The author takes up the topic of optical illusions and their mental interpretation by sighted people. The basis for the study is provided by an analysis of examples in Book IV of Witelo's 'Perspectiva' and his philosophical letter to Ludwig at Lwówek Slaski (Loewenberg). The 13th-century Silesian scholar based his theory on the ideas of Ibn al-Haitham (Alhazen), an optician, astronomer, catoptrician and mathematician active in Egypt in the first half of the 11th century. Witelo interpreted the figures of demons that thrived in the minds of his contemporaries as optical illusions transformed by the imagination. The notion of phantasms, figures appearing as result of optical conditions at dawn and dusk, is an original term of Witelo's and, until today, his only precise one - it refers to true figures completely transformed by human imagination. Witelo gives examples of real human and animal figures that have undergone multiple enhancement in the eyes of those who perceive them, due to the optical conditions that obtain at the time. The use of Witelo's term, 'phantasms', was later abandoned. The basis for all further interpretation of the phenomenon is provided by Witelo's geometric theorem from Book IV of his 'Perspectiva': 'All things viewed at the same angle, unless and until their distance (from the observer) is investigated, appear equal'. The interpretation of such phenomena by Witelo was quite novel in the late Middle Ages and in a way it heralded the coming of a new epoch in the history of human thought.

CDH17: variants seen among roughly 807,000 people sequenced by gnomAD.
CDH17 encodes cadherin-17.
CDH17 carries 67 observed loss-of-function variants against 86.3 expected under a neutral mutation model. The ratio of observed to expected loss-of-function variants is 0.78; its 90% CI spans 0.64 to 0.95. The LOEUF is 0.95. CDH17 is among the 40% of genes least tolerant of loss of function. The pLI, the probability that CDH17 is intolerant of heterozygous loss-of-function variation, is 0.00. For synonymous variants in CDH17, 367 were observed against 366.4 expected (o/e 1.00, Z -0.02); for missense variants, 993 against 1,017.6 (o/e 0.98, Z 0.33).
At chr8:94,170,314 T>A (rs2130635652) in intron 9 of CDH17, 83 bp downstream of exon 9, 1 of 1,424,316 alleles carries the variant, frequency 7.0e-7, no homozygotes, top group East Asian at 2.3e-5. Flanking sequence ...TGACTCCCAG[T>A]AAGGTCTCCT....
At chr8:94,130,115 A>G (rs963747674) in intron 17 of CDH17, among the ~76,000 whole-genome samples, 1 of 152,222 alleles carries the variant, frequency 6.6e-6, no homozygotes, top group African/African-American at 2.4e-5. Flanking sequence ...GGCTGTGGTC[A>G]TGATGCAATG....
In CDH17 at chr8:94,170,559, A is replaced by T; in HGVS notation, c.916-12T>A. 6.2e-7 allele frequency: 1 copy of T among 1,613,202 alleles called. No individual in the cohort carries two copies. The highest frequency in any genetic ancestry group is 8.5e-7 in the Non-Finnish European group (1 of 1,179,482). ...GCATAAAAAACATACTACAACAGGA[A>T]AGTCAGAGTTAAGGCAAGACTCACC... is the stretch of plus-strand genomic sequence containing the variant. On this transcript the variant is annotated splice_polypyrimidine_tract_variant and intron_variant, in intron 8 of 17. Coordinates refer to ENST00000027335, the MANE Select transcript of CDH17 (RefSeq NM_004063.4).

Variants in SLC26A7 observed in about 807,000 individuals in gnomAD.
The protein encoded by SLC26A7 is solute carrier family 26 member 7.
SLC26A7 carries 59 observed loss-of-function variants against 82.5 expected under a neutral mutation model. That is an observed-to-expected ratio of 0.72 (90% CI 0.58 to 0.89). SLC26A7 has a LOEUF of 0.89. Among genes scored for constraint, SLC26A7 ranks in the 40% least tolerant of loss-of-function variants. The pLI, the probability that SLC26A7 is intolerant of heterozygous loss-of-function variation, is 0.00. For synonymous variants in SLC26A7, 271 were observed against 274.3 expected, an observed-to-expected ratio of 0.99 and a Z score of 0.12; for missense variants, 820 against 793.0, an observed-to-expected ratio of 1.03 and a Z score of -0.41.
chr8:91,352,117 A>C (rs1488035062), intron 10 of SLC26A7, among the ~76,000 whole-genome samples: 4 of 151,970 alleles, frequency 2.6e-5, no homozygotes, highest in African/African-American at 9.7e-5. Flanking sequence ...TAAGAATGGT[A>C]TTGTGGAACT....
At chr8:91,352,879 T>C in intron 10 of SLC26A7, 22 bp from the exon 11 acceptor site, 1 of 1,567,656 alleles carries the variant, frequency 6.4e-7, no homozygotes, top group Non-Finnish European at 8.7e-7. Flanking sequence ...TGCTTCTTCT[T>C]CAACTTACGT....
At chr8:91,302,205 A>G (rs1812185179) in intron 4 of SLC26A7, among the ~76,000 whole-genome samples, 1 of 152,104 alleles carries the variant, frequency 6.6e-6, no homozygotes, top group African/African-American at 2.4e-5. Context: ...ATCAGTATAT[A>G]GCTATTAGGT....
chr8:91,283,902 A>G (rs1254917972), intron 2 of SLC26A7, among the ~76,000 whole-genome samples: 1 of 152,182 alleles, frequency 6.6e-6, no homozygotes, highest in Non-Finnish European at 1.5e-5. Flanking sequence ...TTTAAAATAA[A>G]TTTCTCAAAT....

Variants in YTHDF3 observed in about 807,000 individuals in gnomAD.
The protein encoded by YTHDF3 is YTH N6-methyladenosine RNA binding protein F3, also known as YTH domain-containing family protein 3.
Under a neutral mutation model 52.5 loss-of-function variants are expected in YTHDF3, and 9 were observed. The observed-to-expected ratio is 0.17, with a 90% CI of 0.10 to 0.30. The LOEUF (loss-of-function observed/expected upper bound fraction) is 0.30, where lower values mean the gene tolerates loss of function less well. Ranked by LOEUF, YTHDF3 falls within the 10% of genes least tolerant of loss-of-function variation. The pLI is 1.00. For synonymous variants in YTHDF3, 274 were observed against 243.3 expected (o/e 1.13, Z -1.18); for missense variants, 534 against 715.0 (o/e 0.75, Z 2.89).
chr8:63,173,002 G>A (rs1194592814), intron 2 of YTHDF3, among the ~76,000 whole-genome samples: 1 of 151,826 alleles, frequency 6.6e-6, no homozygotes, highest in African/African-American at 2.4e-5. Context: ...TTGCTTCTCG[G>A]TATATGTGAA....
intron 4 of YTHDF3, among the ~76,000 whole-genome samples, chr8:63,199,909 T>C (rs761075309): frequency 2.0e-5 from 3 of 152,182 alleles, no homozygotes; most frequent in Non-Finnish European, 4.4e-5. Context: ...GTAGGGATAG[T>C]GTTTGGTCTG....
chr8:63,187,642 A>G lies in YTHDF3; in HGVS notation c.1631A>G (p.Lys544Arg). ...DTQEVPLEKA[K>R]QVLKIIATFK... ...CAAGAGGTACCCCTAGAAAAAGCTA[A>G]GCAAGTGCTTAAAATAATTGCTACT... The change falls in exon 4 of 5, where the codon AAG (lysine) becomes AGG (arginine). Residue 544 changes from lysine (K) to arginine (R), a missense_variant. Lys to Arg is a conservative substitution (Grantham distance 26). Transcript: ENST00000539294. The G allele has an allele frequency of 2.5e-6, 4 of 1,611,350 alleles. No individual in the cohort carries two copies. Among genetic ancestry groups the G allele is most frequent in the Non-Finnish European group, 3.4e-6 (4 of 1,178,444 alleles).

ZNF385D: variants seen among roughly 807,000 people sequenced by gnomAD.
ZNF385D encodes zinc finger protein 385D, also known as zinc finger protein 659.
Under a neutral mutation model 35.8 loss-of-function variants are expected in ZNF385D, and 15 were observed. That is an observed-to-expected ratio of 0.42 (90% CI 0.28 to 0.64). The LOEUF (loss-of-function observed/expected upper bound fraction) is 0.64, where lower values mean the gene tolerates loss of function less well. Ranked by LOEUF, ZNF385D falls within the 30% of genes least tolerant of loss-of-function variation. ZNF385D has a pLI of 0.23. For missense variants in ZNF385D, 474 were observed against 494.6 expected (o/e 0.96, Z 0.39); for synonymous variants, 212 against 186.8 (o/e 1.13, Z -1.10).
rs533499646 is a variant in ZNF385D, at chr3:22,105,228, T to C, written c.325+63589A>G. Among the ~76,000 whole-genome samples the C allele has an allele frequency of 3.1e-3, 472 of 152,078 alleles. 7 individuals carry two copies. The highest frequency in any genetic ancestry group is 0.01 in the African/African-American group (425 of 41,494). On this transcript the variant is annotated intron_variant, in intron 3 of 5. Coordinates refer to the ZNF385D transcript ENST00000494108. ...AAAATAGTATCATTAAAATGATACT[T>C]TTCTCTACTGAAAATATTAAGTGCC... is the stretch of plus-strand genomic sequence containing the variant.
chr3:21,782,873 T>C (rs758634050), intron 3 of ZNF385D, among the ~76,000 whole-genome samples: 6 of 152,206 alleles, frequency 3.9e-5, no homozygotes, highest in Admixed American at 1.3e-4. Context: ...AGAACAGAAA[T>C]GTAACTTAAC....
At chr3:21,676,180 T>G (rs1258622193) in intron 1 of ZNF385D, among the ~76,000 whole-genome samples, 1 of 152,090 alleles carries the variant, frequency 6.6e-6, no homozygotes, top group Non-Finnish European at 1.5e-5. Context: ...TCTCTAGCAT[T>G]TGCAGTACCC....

J. Burchardt, no address given, contact the journal editor
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